The blooms of Dr. Merrill and Royal Star are similar though the habit is dissimilar. Jane is quite different in color, and is known to flower sporadically through the summer. There are many other spring blooming, deciduous magnolias to choose from and all are delightful trees, though the blooms of earlier types are injured by frost on occasion. This has happened a time or two in my twenty years in this garden, but such an infrequent problem does not diminish the value of these wonderful March blooming trees.

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8 thoughts on “March in bloom – trees

  1. Thank you for the information on the Bradford Pear. I had to have mine removed luckily before it fell. However, it was in the center of my yard. I am the end house on a cul-de-sac. My front yard is very long and receives full sun. I am looking for a replacement tree and have heard that the Cleveland Pear is a good choice to replace the Bradford. Is this a tree that you would recommend?

    • Cleveland pear is superior to Bradford in resistant to wind damage. All flowering pears have some susceptibility, and all have berries that are spread by birds.

    • The Cleveland pear bears tiny fruit and has beautiful white blooms in Spring. Relatively narrow upright, not major side-branching, tall. Biggest problem is with weakness of older branches – hold up very poorly in strong winds (better than the Bradford though ), so consider placement. Other than that, I love my Cleveland Pear.

  2. I have a Kwanzan Cherry that was planted at the end of May, 2009. The other, older Kwanzan Cherries in the neighborhood (Ashburn, VA) are on the verge of flowering, but my Kwanzan doesn’t look like it has any flower buds. I do see some buds that look like they might grow into leaves – they’re green tipped – but they’re still wrapped tight. Should I be worried about the health of my tree? Should I be doing anything to help it? Thanks for any ideas.

    • Your description doesn’t sound unusual at all. There are many conditions that could cause this, but it’s likely that your tree is later blooming because it’s root system is not fully developed. However, the cause could be a slightly colder, or shadier, or windier situation that would delay development of the flower buds. I don’t think that it’s anything to worry about.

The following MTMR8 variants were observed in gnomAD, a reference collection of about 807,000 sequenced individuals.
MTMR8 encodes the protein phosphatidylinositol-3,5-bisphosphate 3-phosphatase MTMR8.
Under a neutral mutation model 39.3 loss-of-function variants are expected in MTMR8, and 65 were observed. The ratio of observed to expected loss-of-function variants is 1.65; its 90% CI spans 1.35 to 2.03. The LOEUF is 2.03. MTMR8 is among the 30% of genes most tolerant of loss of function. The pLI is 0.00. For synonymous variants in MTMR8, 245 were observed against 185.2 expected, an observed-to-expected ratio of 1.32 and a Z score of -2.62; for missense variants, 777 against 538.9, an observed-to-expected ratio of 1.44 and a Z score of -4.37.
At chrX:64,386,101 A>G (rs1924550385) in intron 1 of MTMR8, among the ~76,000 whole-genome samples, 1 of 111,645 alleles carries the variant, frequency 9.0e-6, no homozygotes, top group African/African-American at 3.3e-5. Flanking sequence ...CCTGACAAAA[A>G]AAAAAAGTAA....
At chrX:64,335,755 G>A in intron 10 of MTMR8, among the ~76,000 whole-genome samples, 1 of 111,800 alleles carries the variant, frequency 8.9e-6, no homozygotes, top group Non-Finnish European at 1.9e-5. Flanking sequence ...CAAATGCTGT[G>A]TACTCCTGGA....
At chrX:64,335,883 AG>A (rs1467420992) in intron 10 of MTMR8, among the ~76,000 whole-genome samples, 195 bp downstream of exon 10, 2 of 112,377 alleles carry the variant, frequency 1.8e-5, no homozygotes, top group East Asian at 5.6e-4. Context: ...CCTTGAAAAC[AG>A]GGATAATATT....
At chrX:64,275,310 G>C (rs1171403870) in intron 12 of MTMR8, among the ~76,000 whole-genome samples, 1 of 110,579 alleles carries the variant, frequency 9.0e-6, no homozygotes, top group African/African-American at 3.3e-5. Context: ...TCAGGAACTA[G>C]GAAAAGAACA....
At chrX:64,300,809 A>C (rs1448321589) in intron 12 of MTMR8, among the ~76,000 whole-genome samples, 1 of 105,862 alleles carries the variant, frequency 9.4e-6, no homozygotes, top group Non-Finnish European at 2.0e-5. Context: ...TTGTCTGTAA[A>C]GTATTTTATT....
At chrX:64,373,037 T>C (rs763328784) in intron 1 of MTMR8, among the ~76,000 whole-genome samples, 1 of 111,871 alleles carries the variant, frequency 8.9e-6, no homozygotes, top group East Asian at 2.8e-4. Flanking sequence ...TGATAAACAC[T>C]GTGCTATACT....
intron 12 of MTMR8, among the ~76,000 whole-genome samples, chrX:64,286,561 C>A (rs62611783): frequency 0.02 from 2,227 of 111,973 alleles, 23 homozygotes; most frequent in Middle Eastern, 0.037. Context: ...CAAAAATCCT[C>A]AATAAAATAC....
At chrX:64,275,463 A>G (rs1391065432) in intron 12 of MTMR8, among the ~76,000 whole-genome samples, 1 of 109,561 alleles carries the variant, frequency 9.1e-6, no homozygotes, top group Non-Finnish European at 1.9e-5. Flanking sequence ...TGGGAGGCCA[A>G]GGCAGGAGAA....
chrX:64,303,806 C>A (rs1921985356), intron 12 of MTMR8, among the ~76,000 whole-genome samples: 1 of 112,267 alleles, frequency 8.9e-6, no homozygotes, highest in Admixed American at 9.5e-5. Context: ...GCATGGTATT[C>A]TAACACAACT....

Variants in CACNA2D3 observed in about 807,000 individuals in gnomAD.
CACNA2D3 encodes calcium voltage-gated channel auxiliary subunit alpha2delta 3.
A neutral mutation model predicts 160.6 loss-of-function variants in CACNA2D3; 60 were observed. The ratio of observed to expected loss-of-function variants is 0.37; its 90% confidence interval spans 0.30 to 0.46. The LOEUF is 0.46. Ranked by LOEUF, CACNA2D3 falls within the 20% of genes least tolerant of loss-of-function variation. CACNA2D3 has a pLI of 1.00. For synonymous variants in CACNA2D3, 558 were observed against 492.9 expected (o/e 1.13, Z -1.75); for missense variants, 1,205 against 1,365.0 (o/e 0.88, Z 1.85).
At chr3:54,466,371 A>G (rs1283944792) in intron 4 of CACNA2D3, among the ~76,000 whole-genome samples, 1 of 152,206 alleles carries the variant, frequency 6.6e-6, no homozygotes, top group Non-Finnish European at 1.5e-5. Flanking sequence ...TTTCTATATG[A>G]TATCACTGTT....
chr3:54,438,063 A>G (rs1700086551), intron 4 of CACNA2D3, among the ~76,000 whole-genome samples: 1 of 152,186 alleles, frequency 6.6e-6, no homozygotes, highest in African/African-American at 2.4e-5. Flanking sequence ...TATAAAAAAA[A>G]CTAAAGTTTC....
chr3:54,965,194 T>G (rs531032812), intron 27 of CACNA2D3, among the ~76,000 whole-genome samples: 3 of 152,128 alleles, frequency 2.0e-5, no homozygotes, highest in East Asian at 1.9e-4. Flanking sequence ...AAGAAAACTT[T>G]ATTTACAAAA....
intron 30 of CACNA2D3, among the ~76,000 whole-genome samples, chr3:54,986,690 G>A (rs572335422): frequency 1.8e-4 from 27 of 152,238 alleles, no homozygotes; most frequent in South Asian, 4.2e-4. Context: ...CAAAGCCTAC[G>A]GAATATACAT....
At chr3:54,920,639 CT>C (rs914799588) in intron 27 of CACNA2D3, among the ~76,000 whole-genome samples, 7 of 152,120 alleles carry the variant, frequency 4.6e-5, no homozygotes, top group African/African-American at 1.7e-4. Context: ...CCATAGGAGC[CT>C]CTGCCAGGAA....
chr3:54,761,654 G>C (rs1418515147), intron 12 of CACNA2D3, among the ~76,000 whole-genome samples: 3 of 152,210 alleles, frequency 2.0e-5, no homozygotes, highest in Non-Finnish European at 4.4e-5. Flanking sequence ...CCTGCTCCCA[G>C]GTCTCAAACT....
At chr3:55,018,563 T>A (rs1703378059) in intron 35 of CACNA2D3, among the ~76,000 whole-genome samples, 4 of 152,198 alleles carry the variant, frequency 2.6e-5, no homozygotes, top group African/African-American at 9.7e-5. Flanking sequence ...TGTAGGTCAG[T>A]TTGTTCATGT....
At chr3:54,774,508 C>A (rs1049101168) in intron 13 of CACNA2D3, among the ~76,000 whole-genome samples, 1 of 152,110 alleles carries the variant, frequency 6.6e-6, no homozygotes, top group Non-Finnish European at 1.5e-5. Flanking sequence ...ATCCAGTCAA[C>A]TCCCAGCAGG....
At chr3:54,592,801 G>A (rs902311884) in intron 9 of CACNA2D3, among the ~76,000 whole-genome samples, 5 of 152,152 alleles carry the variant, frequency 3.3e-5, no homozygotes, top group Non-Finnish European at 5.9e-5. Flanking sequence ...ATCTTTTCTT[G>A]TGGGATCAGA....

• i purchased a beautiful small kwanzan from lowes last spring. it had many flowers although they were not very showy and i just assumed it was because of the tree being so young and in a pot, so i didn’t give it much thought. now here it is the middle of april, the tree is full of beautiful leaves and looks very healthy, but did not bloom and i don’t see any evidence of buds. this is very disappointing and it’s very sad because i would hate to kill this tree from pulling it out if it’s going to start blooming next year. have you gotten any blooms or more information since you posted this comment in march? could this possibly be the sign that the tree will never bloom? or is there any way to ever know that?thanks, in advance for any help. i am so upset about this, i waited the whole year for this tree, and i’m sure you did too. i found another website where someone else had purchased a kwanzan last year from lowes that is not blooming.

      • If you saw the tree bloom a year ago that is all the proof that you need that it is indeed a flowering cherry. As long as the tree has been planted in a sunny location it should bloom, even with a half day sun. If it’s in a sunny spot then I would have to guess the only reason that it wouldn’t bloom would be the odd weather we’ve had this spring, with the week that we had mid eighty and ninety degree temperatures coinciding with Kwanzan cherries blooming in many areas. I’ve seen a few cherries that barely bloomed, or the blooms lasted only a few days because of the heat. I can assure you that the problem is environmental and not with Lowe’s. There is no reason not to expect the tree to bloom in the future.

  3. Yes, I noticed them today but here in P.A. it will be another few days. What I’m really looking forward to are the bleeding hearts. April I think but maybe a little earlier this year.